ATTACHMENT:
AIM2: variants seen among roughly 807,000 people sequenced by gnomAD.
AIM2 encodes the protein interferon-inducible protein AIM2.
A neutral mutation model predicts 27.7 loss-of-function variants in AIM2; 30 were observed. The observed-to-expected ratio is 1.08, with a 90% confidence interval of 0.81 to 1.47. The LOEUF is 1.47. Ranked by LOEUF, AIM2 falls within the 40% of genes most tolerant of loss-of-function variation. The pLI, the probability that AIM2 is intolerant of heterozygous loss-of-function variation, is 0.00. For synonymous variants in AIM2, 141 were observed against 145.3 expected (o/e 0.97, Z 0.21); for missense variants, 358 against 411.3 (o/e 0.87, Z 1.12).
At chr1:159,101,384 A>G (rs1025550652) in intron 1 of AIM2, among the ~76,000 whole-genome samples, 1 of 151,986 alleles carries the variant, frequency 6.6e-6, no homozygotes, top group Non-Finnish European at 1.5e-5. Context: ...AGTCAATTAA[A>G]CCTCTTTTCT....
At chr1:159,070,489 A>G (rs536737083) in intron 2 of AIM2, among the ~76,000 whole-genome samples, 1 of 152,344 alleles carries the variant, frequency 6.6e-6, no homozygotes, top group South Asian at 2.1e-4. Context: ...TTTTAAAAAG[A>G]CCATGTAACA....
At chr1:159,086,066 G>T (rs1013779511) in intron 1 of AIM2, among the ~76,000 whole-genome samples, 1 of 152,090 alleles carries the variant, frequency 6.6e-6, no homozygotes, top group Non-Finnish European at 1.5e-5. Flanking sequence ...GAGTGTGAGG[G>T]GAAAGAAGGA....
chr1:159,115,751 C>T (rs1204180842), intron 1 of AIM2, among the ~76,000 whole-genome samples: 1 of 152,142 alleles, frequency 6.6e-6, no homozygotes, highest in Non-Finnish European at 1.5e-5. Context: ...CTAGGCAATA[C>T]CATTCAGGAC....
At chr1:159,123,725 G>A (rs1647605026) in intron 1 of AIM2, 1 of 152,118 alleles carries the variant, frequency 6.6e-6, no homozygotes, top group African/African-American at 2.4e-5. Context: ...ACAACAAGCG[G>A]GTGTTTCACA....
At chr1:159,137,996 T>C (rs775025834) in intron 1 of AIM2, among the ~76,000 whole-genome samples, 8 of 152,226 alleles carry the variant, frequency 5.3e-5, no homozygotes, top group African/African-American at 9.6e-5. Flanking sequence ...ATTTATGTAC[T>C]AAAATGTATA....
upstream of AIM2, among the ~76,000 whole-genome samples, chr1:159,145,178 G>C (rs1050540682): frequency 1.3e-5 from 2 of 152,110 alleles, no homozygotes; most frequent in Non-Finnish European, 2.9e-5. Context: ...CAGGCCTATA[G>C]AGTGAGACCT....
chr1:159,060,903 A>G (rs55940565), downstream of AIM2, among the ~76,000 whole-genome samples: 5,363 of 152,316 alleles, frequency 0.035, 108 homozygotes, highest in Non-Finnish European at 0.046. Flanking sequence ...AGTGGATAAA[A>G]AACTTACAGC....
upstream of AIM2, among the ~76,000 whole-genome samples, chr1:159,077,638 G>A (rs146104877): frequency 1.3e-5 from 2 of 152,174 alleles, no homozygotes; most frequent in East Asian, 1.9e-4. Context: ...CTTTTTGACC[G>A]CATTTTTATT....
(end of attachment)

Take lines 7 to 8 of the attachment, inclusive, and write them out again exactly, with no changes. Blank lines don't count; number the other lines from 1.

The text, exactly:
chr1:159,115,751 C>T (rs1204180842), intron 1 of AIM2, among the ~76,000 whole-genome samples: 1 of 152,142 alleles, frequency 6.6e-6, no homozygotes, highest in Non-Finnish European at 1.5e-5. Context: ...CTAGGCAATA[C>T]CATTCAGGAC....
At chr1:159,123,725 G>A (rs1647605026) in intron 1 of AIM2, 1 of 152,118 alleles carries the variant, frequency 6.6e-6, no homozygotes, top group African/African-American at 2.4e-5. Context: ...ACAACAAGCG[G>A]GTGTTTCACA....